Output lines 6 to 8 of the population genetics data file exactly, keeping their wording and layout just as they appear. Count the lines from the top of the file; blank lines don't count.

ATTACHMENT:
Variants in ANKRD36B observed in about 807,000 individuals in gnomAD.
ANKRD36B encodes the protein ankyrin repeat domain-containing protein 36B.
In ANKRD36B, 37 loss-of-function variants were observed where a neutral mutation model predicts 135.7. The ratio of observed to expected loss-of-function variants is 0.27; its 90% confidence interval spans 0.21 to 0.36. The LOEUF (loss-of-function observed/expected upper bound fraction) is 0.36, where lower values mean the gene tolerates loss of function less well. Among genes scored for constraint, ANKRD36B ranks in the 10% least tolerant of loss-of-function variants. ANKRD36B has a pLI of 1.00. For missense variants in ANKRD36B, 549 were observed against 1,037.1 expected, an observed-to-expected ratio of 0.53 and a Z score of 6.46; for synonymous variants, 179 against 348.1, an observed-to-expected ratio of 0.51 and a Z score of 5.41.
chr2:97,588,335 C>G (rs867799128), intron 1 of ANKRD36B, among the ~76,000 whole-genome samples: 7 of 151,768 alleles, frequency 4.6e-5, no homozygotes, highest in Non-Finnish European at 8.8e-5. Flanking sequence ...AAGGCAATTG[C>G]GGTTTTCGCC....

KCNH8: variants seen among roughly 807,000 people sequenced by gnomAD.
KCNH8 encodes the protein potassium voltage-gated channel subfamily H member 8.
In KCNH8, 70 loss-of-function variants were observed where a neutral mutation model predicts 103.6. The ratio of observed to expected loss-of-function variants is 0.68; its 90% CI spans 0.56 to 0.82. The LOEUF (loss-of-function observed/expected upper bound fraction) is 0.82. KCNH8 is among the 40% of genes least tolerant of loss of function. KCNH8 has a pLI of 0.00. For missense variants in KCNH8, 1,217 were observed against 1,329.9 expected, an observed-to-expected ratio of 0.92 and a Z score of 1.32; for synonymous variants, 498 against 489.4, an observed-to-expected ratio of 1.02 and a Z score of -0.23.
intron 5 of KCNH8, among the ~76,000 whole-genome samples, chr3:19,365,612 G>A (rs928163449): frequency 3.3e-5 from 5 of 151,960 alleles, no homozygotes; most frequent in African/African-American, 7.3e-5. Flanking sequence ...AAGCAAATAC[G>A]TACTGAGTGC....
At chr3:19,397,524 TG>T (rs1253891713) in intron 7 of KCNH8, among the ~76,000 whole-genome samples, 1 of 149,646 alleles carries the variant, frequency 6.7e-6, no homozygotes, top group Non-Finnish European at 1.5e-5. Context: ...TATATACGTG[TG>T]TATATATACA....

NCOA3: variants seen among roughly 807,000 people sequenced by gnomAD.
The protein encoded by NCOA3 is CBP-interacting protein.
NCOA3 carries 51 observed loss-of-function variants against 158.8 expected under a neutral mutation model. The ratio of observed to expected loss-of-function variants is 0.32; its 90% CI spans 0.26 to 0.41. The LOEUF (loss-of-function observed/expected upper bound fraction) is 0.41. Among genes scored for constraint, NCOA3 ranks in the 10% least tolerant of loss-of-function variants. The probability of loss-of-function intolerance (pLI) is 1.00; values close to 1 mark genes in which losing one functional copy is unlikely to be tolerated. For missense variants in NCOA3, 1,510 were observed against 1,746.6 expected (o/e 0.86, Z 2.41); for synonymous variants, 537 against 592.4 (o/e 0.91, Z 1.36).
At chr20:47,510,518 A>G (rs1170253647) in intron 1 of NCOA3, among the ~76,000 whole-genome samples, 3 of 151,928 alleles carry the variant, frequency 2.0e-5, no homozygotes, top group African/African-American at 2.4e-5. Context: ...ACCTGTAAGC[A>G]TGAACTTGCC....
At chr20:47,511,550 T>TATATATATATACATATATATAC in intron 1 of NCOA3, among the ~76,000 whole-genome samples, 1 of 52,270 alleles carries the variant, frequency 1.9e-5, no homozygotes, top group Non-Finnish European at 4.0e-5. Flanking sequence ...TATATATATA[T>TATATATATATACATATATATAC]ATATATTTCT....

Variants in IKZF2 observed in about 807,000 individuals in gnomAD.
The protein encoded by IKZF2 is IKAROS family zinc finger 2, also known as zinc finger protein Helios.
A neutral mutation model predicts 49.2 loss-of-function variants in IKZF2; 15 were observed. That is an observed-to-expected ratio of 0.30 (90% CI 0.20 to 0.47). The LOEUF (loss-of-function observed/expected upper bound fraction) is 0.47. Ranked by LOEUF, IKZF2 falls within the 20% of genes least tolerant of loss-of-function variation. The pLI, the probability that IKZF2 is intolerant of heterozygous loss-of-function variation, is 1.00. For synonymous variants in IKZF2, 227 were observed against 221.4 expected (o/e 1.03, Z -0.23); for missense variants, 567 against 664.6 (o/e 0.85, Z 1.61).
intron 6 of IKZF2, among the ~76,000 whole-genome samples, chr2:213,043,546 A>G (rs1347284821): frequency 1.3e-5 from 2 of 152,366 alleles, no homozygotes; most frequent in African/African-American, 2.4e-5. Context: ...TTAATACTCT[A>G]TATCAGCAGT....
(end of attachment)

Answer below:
KCNH8 encodes the protein potassium voltage-gated channel subfamily H member 8.
In KCNH8, 70 loss-of-function variants were observed where a neutral mutation model predicts 103.6. The ratio of observed to expected loss-of-function variants is 0.68; its 90% CI spans 0.56 to 0.82. The LOEUF (loss-of-function observed/expected upper bound fraction) is 0.82. KCNH8 is among the 40% of genes least tolerant of loss of function. KCNH8 has a pLI of 0.00. For missense variants in KCNH8, 1,217 were observed against 1,329.9 expected, an observed-to-expected ratio of 0.92 and a Z score of 1.32; for synonymous variants, 498 against 489.4, an observed-to-expected ratio of 1.02 and a Z score of -0.23.
intron 5 of KCNH8, among the ~76,000 whole-genome samples, chr3:19,365,612 G>A (rs928163449): frequency 3.3e-5 from 5 of 151,960 alleles, no homozygotes; most frequent in African/African-American, 7.3e-5. Flanking sequence ...AAGCAAATAC[G>A]TACTGAGTGC....